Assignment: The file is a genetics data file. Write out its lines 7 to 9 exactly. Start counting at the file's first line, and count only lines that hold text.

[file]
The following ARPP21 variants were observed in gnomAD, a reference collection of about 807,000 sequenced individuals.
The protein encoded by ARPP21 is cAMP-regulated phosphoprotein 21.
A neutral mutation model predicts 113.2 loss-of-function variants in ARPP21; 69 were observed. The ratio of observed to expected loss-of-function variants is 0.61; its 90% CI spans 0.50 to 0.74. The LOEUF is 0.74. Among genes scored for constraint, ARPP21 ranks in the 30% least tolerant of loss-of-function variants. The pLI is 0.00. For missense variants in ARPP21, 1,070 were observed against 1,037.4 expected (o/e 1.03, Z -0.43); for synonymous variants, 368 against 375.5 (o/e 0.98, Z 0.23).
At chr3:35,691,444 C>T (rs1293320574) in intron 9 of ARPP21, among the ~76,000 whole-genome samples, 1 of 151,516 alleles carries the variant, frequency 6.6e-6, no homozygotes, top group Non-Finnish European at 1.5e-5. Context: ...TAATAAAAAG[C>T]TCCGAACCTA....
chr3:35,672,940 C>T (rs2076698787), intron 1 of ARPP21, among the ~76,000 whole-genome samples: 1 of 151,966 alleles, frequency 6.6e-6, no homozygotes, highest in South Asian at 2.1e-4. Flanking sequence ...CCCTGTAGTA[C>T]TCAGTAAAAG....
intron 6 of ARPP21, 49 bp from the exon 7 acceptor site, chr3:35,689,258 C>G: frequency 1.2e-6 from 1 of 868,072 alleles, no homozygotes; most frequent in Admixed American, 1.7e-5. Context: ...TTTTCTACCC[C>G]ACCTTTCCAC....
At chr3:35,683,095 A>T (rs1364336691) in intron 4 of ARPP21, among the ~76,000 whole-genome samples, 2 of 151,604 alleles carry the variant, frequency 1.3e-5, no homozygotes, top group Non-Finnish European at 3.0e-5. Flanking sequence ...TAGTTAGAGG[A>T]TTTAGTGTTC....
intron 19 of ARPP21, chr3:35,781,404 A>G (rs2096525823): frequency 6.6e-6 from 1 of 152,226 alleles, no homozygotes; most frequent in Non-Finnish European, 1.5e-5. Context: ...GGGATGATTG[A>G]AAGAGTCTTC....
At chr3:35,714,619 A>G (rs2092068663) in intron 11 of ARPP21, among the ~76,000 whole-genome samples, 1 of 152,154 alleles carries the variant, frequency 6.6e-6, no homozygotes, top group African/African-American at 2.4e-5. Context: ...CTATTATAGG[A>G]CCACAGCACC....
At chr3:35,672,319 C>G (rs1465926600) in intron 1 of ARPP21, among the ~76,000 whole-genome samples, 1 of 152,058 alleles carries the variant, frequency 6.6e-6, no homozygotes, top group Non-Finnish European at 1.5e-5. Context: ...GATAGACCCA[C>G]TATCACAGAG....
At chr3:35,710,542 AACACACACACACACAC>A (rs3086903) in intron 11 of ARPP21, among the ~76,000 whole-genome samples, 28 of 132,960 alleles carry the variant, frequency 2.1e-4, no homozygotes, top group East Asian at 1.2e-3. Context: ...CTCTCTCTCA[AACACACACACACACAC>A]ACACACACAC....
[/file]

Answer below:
At chr3:35,683,095 A>T (rs1364336691) in intron 4 of ARPP21, among the ~76,000 whole-genome samples, 2 of 151,604 alleles carry the variant, frequency 1.3e-5, no homozygotes, top group Non-Finnish European at 3.0e-5. Flanking sequence ...TAGTTAGAGG[A>T]TTTAGTGTTC....
intron 19 of ARPP21, chr3:35,781,404 A>G (rs2096525823): frequency 6.6e-6 from 1 of 152,226 alleles, no homozygotes; most frequent in Non-Finnish European, 1.5e-5. Context: ...GGGATGATTG[A>G]AAGAGTCTTC....
At chr3:35,714,619 A>G (rs2092068663) in intron 11 of ARPP21, among the ~76,000 whole-genome samples, 1 of 152,154 alleles carries the variant, frequency 6.6e-6, no homozygotes, top group African/African-American at 2.4e-5. Context: ...CTATTATAGG[A>G]CCACAGCACC....